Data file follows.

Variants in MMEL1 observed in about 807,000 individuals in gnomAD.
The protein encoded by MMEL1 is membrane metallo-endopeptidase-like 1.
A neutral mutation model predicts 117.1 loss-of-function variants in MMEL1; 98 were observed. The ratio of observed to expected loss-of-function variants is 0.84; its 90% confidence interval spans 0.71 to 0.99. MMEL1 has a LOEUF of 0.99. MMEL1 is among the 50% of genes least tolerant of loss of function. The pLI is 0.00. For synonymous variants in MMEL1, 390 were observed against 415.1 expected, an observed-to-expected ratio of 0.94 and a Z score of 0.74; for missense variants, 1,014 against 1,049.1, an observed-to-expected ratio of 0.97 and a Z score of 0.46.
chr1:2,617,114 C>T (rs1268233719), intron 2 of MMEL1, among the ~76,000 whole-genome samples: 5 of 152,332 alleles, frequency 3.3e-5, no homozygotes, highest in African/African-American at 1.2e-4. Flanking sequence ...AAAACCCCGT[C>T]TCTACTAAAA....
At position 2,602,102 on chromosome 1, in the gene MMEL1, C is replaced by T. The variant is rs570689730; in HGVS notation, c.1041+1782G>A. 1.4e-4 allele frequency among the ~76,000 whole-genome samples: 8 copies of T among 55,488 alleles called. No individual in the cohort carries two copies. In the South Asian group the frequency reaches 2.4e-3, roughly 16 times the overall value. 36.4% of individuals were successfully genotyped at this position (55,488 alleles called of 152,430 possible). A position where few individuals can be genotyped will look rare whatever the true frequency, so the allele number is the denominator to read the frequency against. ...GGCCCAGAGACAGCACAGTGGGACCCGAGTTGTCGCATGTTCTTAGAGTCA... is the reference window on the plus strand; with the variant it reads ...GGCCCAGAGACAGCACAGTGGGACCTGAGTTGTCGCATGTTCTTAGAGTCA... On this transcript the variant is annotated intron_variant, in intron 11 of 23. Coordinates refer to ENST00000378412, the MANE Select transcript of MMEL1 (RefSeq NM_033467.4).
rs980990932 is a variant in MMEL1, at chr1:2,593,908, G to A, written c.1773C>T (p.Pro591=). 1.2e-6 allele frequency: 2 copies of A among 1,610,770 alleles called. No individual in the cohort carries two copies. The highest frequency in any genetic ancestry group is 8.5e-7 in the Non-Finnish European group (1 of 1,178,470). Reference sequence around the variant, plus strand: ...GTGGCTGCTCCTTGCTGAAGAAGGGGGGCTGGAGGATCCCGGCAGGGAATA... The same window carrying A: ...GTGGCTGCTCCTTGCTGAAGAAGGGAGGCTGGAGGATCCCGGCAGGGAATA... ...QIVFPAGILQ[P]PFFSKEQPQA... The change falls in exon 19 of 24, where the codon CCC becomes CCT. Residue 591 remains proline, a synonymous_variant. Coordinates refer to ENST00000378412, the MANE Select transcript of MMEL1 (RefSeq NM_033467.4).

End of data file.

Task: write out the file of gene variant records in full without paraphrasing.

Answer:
Variants in MMEL1 observed in about 807,000 individuals in gnomAD.
The protein encoded by MMEL1 is membrane metallo-endopeptidase-like 1.
A neutral mutation model predicts 117.1 loss-of-function variants in MMEL1; 98 were observed. The ratio of observed to expected loss-of-function variants is 0.84; its 90% confidence interval spans 0.71 to 0.99. MMEL1 has a LOEUF of 0.99. MMEL1 is among the 50% of genes least tolerant of loss of function. The pLI is 0.00. For synonymous variants in MMEL1, 390 were observed against 415.1 expected, an observed-to-expected ratio of 0.94 and a Z score of 0.74; for missense variants, 1,014 against 1,049.1, an observed-to-expected ratio of 0.97 and a Z score of 0.46.
chr1:2,617,114 C>T (rs1268233719), intron 2 of MMEL1, among the ~76,000 whole-genome samples: 5 of 152,332 alleles, frequency 3.3e-5, no homozygotes, highest in African/African-American at 1.2e-4. Flanking sequence ...AAAACCCCGT[C>T]TCTACTAAAA....
At position 2,602,102 on chromosome 1, in the gene MMEL1, C is replaced by T. The variant is rs570689730; in HGVS notation, c.1041+1782G>A. 1.4e-4 allele frequency among the ~76,000 whole-genome samples: 8 copies of T among 55,488 alleles called. No individual in the cohort carries two copies. In the South Asian group the frequency reaches 2.4e-3, roughly 16 times the overall value. 36.4% of individuals were successfully genotyped at this position (55,488 alleles called of 152,430 possible). A position where few individuals can be genotyped will look rare whatever the true frequency, so the allele number is the denominator to read the frequency against. ...GGCCCAGAGACAGCACAGTGGGACCCGAGTTGTCGCATGTTCTTAGAGTCA... is the reference window on the plus strand; with the variant it reads ...GGCCCAGAGACAGCACAGTGGGACCTGAGTTGTCGCATGTTCTTAGAGTCA... On this transcript the variant is annotated intron_variant, in intron 11 of 23. Coordinates refer to ENST00000378412, the MANE Select transcript of MMEL1 (RefSeq NM_033467.4).
rs980990932 is a variant in MMEL1, at chr1:2,593,908, G to A, written c.1773C>T (p.Pro591=). 1.2e-6 allele frequency: 2 copies of A among 1,610,770 alleles called. No individual in the cohort carries two copies. The highest frequency in any genetic ancestry group is 8.5e-7 in the Non-Finnish European group (1 of 1,178,470). Reference sequence around the variant, plus strand: ...GTGGCTGCTCCTTGCTGAAGAAGGGGGGCTGGAGGATCCCGGCAGGGAATA... The same window carrying A: ...GTGGCTGCTCCTTGCTGAAGAAGGGAGGCTGGAGGATCCCGGCAGGGAATA... ...QIVFPAGILQ[P]PFFSKEQPQA... The change falls in exon 19 of 24, where the codon CCC becomes CCT. Residue 591 remains proline, a synonymous_variant. Coordinates refer to ENST00000378412, the MANE Select transcript of MMEL1 (RefSeq NM_033467.4).